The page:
The West End revival of Andrew Lloyd Webber’s “Whistle Down the Wind” has one big advantage: It got in early. The show’s March 27 opening put it ahead of an astonishing pack of 13 more tuners opening in London this year.

As Adam Kenwright, managing director of theater advertising and marketing agency AKA, puts it, “All this new product represents the most exciting period the commercial theater has had in the last 30 years, if not ever.”

He’s not exaggerating. Heavyweight U.S. titles “Wicked” and “Monty Python’s Spamalot” seem likely to dominate the fall season, the former having already beaten its U.K. producers’ expectation by taking an initial £2 million ($3.5 million) six months ahead of opening.

Official London box office figures are as closely guarded as state secrets, but insider indications are that “Spamalot” and fellow fall arrival “Dirty Dancing” are taking similar amounts, a notion bolstered by the latter’s record-breaking business in Germany.

Anthony Pye-Jeary, managing director of Dewynters, the agency handling at least six of the newcomers, is skeptical of the obsession with advances. “Producers always want to play their advances off one another, but anyone who says they know how to get an audience into a show that hasn’t opened yet is exaggerating their expertise.”

He’s as happy as anyone to be racking up money ahead of the game, but he doesn’t believe it’s the crucial figure.

“What really matters is what you do the day after you open,” he says. “On ‘Chicago,’ (producer) Barry Weissler was worrying that at £20,000 a day we weren’t taking enough. I said, ‘Hold your horses.’ After it opened we took nearer £200,000 a day.”

Dewynters is handling both of the shows with Lloyd Webber’s name attached as producer, starting this fall with Webber’s long-cherished revival of Rodgers & Hammerstein’s “The Sound of Music” at the 2,255-seat London Palladium (dates still to be announced). Helmed by Jeremy Sams, it will be bolstering ticket sales with a search-for-a-star TV series set up to find its leading lady. Before that, Michael Grandage will direct the highly anticipated first major revival of “Evita.”

Dewynters also will be responsible for “Avenue Q,” co-produced by Cameron Mackintosh. When not overseeing the London version of the anarchic puppet musical, he’s acting as landlord to the U.K. touring production of “Footloose” — already in previews at his Ivor Novello Theater — and Sam Buntrock’s startling new take on Sondheim and Lapine’s “Sunday in the Park With George,” which transfers May 13 from the small, entrepreneurial Menier Chocolate Factory to the 750-seat Wyndhams in the West End.

Three other upcoming tuners have one thing in common — predominantly black casts — but are indicative of the immense diversity of product on show.

“Daddy Cool,” the four-month-delayed jukebox musical of Boney M and Milli Vanilli hits, will open at the Shaftesbury; the National Theater will host the U.S. production of Tony Kushner and Jeanine Tesori’s “Caroline, or Change”; and Trevor Nunn is due to close out the year with a new version of “Porgy and Bess.”

A theater has yet to be announced — the hot money is on the Savoy — but Howard Panter of the Ambassador Theater Group will co-produce this slimmed-down version of the Gershwin classic, with new orchestration for wider musical theater exploitation by Gareth Valentine.

Kenwright sees all this as a boom time. “London is very, very rich. For the second year running we have beaten Paris to be the most populated and successful tourist destination in Europe, with a 37% increase in European visitors year-on-year for the last two years.”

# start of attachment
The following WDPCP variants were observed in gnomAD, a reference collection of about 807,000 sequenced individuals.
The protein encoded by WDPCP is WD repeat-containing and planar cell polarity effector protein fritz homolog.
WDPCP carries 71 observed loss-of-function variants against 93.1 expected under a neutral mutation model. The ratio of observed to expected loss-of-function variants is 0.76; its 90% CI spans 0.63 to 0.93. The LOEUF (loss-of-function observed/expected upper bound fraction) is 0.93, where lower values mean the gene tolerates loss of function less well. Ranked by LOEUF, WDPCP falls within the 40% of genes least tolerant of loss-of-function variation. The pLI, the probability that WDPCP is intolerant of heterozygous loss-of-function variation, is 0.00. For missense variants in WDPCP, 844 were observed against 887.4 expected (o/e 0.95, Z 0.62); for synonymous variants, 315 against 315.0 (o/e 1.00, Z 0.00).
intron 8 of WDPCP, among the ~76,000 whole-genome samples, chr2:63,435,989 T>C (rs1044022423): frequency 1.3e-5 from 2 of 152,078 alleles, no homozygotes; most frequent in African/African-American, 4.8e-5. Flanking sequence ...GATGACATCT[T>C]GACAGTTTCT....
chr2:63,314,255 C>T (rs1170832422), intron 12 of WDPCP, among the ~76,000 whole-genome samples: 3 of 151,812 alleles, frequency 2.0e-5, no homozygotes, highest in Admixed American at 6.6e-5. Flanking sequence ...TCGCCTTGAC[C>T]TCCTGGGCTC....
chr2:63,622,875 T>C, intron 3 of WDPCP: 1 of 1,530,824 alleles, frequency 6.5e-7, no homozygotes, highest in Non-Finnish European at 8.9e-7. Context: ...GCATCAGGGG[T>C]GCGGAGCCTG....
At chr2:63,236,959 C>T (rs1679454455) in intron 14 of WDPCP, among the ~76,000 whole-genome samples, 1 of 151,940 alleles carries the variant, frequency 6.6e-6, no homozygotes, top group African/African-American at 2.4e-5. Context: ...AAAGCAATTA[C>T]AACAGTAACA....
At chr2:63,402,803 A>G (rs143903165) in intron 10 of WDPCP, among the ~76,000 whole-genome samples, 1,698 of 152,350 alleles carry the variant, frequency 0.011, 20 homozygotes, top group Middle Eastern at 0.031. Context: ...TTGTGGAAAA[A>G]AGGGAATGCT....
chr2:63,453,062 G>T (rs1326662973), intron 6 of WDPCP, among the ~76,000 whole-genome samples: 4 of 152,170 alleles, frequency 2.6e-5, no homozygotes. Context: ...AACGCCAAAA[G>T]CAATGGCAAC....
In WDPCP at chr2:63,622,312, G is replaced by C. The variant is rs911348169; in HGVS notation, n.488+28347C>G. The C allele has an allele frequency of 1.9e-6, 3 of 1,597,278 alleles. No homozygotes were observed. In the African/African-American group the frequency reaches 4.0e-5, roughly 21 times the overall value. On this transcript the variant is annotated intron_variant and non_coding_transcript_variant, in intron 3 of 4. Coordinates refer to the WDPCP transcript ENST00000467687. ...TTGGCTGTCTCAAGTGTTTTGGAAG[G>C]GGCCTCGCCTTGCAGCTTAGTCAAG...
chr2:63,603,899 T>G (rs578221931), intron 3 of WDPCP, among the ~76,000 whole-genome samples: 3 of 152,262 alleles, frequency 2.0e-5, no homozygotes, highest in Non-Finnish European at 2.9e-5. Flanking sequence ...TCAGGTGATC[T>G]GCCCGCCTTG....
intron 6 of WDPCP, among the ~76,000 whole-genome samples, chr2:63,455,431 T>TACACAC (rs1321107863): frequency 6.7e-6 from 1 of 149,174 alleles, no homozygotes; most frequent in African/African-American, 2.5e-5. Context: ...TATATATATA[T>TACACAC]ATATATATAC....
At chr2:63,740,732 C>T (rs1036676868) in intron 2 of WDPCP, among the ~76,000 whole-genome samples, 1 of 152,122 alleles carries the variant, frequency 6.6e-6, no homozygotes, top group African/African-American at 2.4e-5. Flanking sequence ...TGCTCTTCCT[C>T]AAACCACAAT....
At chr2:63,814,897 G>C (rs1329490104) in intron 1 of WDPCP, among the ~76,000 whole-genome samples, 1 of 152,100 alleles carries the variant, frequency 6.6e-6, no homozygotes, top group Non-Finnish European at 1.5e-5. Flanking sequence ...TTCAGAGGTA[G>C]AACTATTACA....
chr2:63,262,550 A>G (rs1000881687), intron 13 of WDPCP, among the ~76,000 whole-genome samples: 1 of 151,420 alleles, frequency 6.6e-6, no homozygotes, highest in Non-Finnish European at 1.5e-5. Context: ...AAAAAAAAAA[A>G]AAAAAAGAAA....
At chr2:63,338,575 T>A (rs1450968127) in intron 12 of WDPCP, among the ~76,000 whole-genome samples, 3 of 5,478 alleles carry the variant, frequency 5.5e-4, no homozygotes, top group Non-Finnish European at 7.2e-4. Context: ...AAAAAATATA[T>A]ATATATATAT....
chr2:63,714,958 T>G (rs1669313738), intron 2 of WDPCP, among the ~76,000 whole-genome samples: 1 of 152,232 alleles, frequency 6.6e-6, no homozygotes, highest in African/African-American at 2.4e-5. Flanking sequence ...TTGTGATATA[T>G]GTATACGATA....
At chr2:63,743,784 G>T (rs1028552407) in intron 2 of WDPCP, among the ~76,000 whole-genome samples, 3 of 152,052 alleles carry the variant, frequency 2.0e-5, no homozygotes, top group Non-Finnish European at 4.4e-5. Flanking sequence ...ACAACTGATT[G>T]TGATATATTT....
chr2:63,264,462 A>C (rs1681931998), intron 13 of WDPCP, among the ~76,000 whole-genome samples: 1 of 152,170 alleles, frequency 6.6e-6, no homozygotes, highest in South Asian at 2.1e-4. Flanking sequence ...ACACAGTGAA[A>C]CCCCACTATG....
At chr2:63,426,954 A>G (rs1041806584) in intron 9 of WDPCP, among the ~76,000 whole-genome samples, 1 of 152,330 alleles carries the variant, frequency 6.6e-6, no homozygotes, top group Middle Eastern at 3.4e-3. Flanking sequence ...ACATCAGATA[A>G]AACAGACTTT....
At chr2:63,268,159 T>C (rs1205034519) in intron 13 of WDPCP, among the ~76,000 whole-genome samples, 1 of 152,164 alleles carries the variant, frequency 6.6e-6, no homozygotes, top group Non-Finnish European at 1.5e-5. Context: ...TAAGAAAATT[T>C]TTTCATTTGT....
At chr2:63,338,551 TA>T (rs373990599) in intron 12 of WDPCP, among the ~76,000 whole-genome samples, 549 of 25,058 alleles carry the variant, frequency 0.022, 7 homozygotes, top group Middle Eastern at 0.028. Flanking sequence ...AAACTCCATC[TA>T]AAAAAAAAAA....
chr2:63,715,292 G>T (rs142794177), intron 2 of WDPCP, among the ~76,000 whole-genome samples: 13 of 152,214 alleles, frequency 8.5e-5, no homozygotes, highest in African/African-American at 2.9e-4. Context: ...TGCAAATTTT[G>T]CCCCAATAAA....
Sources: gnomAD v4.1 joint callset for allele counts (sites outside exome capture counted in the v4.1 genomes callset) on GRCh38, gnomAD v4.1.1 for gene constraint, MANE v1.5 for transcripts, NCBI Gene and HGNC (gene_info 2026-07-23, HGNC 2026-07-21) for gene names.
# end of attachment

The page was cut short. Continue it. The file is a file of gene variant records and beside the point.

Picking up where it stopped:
Meanwhile, the West End hit record attendance of almost 13 million last year. “We know it will be nearer 13.5 or 13.75 (million) this year,” Kenwright says. “If ‘The Lord of the Rings’ with its specific audience comes in to the Dominion in 2007, that could bring the figure up to 14.25 million. That’s an amazing 13% or 14% rise in two years.”

That notion of specific audiences is echoed throughout the industry. As Caro Newling of Neal Street Prods., one of the producers of “Sunday in the Park” puts it, “All these musicals are very bespoke.” “Spamalot,” she argues, can absolutely co-exist beside “Wicked” because they cater to different tastes.

Newling believes good theater produces not only good word of mouth but the likelihood of cross-fertilization. “Playing opposite ‘Avenue Q’ and around the corner from ‘Mack and Mabel’ must be good for all of us.”

The real question is less about which of this bumper crop — which also includes a limited 16-week run for the Twyla Tharp-Billy Joel project “Movin’ Out” — will survive, but how they will affect the rest of the economy. Clearly, the days are numbered for any of the current long-runners already struggling. Once again, no one is willing to name names, but revivals that need revamps via cast changes are more susceptible in a market dedicated to the shock of the new.

For the advertising agencies, there’s a lot to play for. Pye-Jeary believes a producer looking for global rollout of a show needs to be holding around $1.75 million in readiness to fully fund a campaign.

He’s also confident that the wider latitude of U.K. advertising — traditionally more adventurous and less literal-minded than its U.S. counterpart — offers opportunities for agencies and producers to have fun while taking audiences seriously.

“Just as on ‘The Producers,’ where our opening ads were far more risque than the U.S. production, on ‘Spamalot’ we feel British audiences can take a little more of Monty Python rudery,” says Pye-Jeary. “For example, Spam is to create a new brand, ‘with stinking French garlic.’ ”

Meantime, back at the bigger picture, Kenwright sounds a note of warning. “Are the musicals going to suck the playgoers a bit? Will the plays struggle? Maybe. That’s where the industry really will have to work hard.”